Managers at FGM, a Herndon, Va., company with 1998 revenues of $15 million, found a way to improve employees'presentation skills while fostering workplace camaraderie. This 1997 Inc. 500 company, which develops computer softwareand integrates computer systems, holds weekly brown-bag lunch seminars where employees hone their speaking skills infront of volunteer audiences of 10 to 30 of their colleagues. The speakers, who are also volunteers, receive T-shirts and enterFGM's annual speakers' contest.

"It's great, especially for young engineers who don't have experience getting up in front of customers. That was definitely inthe back of my mind," says CEO Scott Gessay. On occasion, customers are also invited to the Thursday seminars -- one clientsat in on a session about Java technology, for example.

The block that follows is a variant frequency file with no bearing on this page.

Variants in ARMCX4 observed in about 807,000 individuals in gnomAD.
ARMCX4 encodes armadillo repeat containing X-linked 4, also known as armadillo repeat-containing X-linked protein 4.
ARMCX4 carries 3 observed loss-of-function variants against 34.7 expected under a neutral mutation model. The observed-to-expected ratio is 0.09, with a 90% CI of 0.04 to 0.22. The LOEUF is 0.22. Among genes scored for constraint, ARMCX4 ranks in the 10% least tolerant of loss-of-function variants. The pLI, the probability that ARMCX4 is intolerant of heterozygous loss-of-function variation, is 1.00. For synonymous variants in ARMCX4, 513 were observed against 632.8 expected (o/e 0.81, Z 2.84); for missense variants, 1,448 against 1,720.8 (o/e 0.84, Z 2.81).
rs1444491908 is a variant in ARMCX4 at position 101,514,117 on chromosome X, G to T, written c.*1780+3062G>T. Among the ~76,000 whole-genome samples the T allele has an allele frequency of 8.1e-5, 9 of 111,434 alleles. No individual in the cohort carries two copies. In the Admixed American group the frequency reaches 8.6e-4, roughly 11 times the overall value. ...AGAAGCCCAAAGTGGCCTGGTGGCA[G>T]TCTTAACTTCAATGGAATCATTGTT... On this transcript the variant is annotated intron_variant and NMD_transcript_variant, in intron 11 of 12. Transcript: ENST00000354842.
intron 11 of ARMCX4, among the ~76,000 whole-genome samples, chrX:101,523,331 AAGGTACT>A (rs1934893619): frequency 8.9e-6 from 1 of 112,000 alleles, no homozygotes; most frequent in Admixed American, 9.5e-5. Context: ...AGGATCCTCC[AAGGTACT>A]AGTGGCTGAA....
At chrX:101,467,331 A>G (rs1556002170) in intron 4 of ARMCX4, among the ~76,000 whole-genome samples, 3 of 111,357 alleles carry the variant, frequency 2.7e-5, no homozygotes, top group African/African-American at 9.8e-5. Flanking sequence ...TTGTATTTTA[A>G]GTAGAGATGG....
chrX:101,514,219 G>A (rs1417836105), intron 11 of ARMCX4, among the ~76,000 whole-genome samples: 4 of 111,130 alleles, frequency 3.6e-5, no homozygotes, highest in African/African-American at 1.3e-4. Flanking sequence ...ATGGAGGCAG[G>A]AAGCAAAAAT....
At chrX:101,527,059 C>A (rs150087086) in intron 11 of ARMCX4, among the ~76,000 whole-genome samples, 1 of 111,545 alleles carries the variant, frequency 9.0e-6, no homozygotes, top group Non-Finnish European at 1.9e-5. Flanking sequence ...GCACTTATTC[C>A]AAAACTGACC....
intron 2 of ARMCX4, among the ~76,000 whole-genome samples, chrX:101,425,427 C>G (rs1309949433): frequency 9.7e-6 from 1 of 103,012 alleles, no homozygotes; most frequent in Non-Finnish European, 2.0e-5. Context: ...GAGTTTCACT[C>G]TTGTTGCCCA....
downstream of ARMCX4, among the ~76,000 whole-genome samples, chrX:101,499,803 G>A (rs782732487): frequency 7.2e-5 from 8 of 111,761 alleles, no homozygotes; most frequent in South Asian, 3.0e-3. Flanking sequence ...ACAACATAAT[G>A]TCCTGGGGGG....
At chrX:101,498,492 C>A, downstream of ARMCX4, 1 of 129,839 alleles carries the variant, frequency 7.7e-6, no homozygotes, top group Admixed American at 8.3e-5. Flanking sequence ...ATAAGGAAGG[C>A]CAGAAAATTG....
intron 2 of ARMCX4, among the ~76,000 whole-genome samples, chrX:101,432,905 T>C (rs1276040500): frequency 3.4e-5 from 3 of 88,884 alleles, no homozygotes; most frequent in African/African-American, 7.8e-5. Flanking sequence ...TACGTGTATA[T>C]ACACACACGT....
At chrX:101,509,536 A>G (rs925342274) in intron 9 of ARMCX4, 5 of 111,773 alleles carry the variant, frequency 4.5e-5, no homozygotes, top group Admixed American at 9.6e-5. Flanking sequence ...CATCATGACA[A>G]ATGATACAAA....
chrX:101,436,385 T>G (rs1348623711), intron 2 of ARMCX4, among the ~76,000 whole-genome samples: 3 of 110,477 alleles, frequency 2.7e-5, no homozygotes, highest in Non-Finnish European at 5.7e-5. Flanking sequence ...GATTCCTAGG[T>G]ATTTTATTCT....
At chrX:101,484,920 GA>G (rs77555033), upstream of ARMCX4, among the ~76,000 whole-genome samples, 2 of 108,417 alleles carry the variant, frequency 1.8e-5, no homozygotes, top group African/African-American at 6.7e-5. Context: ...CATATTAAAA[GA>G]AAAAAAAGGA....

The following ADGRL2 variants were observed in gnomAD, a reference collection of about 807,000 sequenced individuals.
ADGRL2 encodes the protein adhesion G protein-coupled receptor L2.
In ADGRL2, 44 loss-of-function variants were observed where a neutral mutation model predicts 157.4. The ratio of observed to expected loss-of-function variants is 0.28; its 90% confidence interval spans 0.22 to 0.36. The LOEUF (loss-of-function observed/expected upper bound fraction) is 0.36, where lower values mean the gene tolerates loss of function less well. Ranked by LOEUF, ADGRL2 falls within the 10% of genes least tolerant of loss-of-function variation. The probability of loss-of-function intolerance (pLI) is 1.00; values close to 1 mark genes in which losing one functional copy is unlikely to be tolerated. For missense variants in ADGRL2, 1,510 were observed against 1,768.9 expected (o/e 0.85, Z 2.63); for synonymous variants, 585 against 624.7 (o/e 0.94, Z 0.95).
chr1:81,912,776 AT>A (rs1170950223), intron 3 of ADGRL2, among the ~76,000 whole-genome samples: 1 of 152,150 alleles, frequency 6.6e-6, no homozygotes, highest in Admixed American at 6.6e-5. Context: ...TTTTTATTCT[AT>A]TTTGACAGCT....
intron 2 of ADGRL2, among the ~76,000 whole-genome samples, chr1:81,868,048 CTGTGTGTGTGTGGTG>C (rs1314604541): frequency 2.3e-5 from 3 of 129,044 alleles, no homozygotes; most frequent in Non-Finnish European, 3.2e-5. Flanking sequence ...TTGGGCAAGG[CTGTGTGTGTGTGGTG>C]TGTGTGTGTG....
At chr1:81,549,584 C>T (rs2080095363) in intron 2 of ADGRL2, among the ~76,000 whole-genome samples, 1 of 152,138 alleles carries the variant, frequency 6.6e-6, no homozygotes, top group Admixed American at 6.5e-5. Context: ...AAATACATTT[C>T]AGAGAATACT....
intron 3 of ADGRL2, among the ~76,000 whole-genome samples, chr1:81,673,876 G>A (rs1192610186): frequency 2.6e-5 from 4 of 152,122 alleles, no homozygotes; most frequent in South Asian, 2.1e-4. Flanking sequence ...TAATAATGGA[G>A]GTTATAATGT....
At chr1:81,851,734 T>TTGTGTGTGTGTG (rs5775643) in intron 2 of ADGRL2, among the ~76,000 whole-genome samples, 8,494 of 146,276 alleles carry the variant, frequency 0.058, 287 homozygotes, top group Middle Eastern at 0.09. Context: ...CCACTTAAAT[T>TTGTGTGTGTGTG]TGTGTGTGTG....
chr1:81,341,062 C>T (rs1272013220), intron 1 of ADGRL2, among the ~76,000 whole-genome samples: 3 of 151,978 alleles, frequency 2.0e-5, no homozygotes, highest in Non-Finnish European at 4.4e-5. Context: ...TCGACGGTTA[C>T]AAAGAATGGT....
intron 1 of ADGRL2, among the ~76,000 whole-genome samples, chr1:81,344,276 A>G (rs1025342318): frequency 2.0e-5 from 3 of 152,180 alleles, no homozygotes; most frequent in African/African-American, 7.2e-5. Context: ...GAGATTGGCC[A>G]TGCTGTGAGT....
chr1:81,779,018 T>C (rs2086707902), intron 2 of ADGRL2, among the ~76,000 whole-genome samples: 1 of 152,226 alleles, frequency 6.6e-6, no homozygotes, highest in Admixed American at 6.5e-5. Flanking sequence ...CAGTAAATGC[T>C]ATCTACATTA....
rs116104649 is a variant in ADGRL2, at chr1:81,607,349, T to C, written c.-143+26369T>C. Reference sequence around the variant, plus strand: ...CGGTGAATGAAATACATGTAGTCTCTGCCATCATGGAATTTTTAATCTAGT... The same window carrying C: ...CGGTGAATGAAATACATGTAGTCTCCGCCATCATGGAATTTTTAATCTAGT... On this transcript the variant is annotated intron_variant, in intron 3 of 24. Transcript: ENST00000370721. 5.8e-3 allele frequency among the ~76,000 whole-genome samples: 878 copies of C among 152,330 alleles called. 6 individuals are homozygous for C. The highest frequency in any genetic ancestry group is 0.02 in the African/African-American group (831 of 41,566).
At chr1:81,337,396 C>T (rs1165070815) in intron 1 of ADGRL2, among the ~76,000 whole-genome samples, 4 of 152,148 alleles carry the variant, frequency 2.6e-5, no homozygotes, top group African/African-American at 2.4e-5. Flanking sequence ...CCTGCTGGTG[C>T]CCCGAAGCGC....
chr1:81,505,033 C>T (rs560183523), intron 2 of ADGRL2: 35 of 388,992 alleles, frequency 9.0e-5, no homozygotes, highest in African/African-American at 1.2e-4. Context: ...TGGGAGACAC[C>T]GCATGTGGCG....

What started a number of years ago as a purely technical exchange has expanded into a platform for a variety of business andpersonal interests. Seminar topics range from advances in 3-D animation to Guitar 101. "People in different parts of thecompany get to share their knowledge," says Gessay, who, along with 14 others, attended the guitar seminar led by ablues-playing staffer.